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View Diary: The Swan is still Black, and We're Still Screwed (212 comments)

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  •  They are the "hidden" unemployed (4+ / 0-)
    Recommended by:
    greenearth, phonegery, xaxado, lgcap

    or underemployed (people who need to work full time but can only find part-time work). The phone survey isn't sufficient to capture the actual numbers, but it does indicate the problem. Different states provide unemployment insurance for different periods of time (some states it is 16 weeks, some use 24 weeks, some - like South Carolina - have fewer weeks). Once that time period is up, there is no way to count the people who still didn't find a job, so it is projected from the number who report being unemployed on the last week they drew unemployment. These people are assumed to have "given up" looking for work.

    That is an imperfect method, in part because it is built on a model that reflects a reality quite different from the one we are inhabiting. Another method of estimating is drawn from the number of jobs being cut. That is an actual number that is reported, but still doesn't reflect reality. In many companies (and higher education is particularly susceptible to this) actual positions are flexible. So a factory may report cutting X number of jobs, but a university just doesn't fill positions. They are still "on the books" because that is an integral part of empire building at a university, but they aren't going to be filled because they are soft money, and there isn't much soft money lying around.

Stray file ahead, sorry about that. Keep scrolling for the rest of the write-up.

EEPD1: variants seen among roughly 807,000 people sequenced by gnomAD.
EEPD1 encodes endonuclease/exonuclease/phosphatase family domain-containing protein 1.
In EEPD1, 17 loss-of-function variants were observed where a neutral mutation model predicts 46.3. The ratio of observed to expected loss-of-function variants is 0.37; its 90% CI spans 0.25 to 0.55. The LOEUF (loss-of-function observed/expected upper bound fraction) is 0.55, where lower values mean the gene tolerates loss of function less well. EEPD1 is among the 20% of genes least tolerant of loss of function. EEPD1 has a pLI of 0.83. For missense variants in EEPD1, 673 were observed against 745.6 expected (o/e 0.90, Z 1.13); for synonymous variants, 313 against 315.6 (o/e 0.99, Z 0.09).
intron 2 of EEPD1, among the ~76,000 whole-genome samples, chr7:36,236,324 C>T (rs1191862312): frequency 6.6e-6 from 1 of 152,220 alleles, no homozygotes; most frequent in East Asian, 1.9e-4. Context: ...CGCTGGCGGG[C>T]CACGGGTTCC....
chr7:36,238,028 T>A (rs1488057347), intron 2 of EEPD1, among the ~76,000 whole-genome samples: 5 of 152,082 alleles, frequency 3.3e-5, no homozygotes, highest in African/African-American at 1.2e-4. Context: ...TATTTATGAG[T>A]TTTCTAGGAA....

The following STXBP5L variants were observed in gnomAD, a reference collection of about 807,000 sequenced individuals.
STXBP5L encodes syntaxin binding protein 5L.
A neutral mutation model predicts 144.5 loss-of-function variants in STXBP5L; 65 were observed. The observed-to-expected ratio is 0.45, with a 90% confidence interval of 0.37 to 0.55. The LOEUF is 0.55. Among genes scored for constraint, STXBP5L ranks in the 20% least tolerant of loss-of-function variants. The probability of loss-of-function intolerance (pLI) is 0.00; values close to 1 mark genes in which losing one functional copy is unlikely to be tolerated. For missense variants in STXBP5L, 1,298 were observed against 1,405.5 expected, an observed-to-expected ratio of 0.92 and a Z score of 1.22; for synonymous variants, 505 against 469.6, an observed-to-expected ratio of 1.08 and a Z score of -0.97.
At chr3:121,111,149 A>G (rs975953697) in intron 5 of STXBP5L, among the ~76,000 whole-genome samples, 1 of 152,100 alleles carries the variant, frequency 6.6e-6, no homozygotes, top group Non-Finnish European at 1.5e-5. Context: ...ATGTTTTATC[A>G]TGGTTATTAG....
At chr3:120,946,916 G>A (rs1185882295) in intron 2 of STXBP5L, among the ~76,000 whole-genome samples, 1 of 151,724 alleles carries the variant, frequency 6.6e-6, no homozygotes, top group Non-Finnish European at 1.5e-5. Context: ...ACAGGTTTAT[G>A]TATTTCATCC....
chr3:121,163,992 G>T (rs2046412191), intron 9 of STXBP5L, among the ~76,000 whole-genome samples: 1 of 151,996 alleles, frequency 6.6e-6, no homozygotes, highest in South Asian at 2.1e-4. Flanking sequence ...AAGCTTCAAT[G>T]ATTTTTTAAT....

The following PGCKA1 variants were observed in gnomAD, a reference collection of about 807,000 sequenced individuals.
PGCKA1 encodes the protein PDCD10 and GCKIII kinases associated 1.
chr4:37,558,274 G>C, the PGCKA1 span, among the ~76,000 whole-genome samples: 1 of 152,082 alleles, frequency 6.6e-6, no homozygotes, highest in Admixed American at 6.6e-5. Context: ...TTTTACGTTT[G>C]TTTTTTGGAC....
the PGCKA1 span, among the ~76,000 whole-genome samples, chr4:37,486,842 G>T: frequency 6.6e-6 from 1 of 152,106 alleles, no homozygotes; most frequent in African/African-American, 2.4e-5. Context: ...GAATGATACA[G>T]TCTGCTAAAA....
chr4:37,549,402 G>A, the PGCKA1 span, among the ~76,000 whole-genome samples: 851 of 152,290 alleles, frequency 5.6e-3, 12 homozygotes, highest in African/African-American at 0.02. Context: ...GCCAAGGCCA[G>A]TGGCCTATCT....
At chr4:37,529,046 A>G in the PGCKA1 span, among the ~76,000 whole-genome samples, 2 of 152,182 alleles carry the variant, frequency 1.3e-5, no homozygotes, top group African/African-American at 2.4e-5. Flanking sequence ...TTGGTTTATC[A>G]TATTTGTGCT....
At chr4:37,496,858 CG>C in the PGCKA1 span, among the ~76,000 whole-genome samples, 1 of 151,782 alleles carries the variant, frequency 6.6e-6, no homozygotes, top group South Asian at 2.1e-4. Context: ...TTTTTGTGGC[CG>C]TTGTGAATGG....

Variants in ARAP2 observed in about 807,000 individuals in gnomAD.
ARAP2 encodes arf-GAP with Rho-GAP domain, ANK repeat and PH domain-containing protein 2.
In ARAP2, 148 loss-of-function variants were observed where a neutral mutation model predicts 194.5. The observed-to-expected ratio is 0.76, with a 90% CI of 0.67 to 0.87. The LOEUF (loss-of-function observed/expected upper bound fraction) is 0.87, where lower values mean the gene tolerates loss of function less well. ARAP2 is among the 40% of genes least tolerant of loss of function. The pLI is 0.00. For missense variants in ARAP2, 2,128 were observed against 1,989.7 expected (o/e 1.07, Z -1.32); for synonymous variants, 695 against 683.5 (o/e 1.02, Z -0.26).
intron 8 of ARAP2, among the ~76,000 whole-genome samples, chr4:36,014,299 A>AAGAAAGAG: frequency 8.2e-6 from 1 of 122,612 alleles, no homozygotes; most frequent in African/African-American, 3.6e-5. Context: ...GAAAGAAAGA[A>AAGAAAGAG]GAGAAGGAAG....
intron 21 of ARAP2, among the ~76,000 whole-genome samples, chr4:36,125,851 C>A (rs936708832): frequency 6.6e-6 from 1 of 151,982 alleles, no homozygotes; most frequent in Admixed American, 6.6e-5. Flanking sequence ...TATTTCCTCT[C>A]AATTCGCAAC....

This is why things "feel" worse than the numbers show. People know other people who are still looking for work after a year. People know there are unfilled positions in their workplace, probably because the workloads have increased, but no one dares complain.

    ManfromMiddletown has done an heroic job trying to explain and quantify some of the reasons things may, indeed, get worse yet. The numbers are out there, but as he noted, it is time consuming to extract them. Shrub's administration did a lot to make it harder by changing the way the data were collected and reported. Now you not only have to go back to raw data, but you have to be able to analyze it and know how the models themselves were manipulated. If they had not done that, shrub's administration would probably have shown net job losses.

    A lot is riding on the decision to let CIT fail. They may rescue it, but I am not sanguine about it. If it fails, that may be the feather that pushes commercial real estate over the cliff Atrios has been pointing at for nearly a year.

    Those who are too smart to engage in politics are punished by being governed by those who are dumber. ---Plato

    by carolita on Sat Jul 18, 2009 at 10:32:21 AM PDT

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